Security vuln allows Android app tampering through single URL click

A serious security flaw discovered in the Apache Cordova developer framework could allow for malicious injections into Android apps.

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CNET

A severe security flaw has been discovered within device APIs used to develop Android applications.

Apache Cordova, developed by The Apache Software Foundation, is a toolkit of device APIs used by mobile app developers to access native device functions including cameras and accelerometer from JavaScript.

The APIs provide a Javascript library to invoke different functions, and when used with Cordova, mobile apps can be built using web technologies such as HTML, CSS and Javascript. The service is compatible with the iOS, Android, Blackberry, Windows Phone, Palm WebOS, Bada, and Symbian platforms.

In a security bulletin posted this week, Cordova admitted a "major" security issue has been discovered in the API platform.

Discovered by the TrendMicro Mobile Threat Research Team (TRT), the security vulnerability allows attackers to modify an Android app's behavior via remote exploit if a victim clicks a malicious link.

This is due to a lack of explicit values set in Config.xml by Android apps built using the Cordova framework, therefore creating an opportunity for threat actors to set undefined secondary configuration variables. This can cause "unwanted dialogs appearing in applications and changes in the application behavior that can include the app force-closing," according to the foundation.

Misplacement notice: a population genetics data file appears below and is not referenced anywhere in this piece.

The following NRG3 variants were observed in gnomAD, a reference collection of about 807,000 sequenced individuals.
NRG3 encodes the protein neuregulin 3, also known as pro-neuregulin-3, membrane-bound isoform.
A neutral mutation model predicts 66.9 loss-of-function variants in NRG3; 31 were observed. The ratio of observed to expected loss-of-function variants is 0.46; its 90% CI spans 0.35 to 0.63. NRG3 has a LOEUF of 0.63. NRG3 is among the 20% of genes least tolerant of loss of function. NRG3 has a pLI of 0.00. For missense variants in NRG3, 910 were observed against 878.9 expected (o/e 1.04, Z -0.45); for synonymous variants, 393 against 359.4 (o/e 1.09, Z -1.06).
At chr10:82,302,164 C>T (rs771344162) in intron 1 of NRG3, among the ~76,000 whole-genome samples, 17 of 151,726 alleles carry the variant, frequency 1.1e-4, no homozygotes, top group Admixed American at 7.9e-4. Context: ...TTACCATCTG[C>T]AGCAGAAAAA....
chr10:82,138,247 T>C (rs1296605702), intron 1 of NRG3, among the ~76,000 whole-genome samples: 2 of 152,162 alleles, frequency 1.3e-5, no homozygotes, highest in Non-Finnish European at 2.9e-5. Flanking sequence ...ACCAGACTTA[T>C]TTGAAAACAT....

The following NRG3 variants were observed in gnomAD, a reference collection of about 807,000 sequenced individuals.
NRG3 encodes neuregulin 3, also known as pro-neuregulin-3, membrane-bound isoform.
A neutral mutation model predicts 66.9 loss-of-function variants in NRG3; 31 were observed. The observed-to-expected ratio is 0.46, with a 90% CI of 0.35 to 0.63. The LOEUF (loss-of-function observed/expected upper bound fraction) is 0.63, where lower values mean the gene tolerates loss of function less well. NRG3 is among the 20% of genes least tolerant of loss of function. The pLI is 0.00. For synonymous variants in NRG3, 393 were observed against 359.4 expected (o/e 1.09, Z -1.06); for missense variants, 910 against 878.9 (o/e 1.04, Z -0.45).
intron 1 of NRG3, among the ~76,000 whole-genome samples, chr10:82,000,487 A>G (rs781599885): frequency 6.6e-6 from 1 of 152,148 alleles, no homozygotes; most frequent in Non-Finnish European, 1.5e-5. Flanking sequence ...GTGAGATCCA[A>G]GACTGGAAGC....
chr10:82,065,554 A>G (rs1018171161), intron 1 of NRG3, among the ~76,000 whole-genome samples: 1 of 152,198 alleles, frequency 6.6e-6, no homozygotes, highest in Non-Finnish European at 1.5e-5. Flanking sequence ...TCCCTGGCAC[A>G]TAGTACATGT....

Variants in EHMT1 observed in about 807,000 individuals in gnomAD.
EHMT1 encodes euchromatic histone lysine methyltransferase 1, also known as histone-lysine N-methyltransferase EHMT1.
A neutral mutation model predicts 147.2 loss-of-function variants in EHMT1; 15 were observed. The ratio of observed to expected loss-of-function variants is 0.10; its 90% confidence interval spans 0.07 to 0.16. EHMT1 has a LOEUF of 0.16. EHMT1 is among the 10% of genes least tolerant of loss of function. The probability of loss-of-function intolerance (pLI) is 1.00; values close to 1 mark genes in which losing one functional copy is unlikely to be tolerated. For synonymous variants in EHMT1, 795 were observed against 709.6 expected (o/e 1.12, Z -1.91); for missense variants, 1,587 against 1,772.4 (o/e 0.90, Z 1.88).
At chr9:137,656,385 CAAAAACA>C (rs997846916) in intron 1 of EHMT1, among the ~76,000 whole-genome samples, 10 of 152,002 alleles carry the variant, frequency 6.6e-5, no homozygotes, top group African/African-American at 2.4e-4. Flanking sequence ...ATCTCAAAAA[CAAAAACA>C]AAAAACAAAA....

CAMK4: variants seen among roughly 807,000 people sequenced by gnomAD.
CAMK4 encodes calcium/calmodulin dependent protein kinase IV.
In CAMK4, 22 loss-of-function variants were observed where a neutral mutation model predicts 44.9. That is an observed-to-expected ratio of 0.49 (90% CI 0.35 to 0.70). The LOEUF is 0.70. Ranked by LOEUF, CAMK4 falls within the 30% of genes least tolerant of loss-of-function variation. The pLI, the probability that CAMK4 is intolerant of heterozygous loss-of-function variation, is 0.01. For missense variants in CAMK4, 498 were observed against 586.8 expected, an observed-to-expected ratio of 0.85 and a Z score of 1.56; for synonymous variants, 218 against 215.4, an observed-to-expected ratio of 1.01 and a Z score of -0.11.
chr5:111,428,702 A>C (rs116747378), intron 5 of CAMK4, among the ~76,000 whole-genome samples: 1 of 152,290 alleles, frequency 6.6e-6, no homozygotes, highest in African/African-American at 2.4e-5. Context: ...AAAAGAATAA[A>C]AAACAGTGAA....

Designated as CVE-2015-1835, the security vulnerability does require particular conditions to exploit. At least one of the app's components must extend from Cordova's root activity -- CordovaActivity -- or the Cordova framework must be tampered with to make sure the framework's Config.java system is not properly secured. In addition, at least one of Cordova supported preferences -- except LogLevel and ErrorUrl -- is not defined in the configuration file config.xml. TRT says:

"We believe this vulnerability is highly exploitable because the conditions that need to be met for a successful exploit are common developer practices. Most Cordova-based apps do extend the "CordovaActivity" and very few explicitly define all preferences in their configuration.

Moreover, all of Cordova-based apps build from the Cordova Command-Line Interface(CLI)() automatically meet the exploit prerequisites mentioned earlier, thus all of them are vulnerable."

"Our research has revealed that if the base activity is not properly secured and the preferences are set to default, an attacker may be able to alter these preferences and modify the appearance and behavior of the app itself," TRT explained. An app's appearance could be altered, popups, splashscreens and adverts could be injected into an app's interface, the basic functionalities of an app may be tampered with or the app could be forced to crash due to the security flaw.

The security team also highlighted the fact that the majority of Cordova-based apps, which accounts for 5.6 percent of all apps in Google Play, are prone to exploit.

Cordova is releasing version 4.0.2. of the API set to fix these security issues, and recommends that all Android applications built using Cordova 4.0x or higher be upgraded to use version 4.0.2 of Cordova Android. Mobile app developers who have used older versions of Cordova can also upgrade to 3.7.2 to patch the same security issue. Other platforms are not believed to be affected by the vulnerability.

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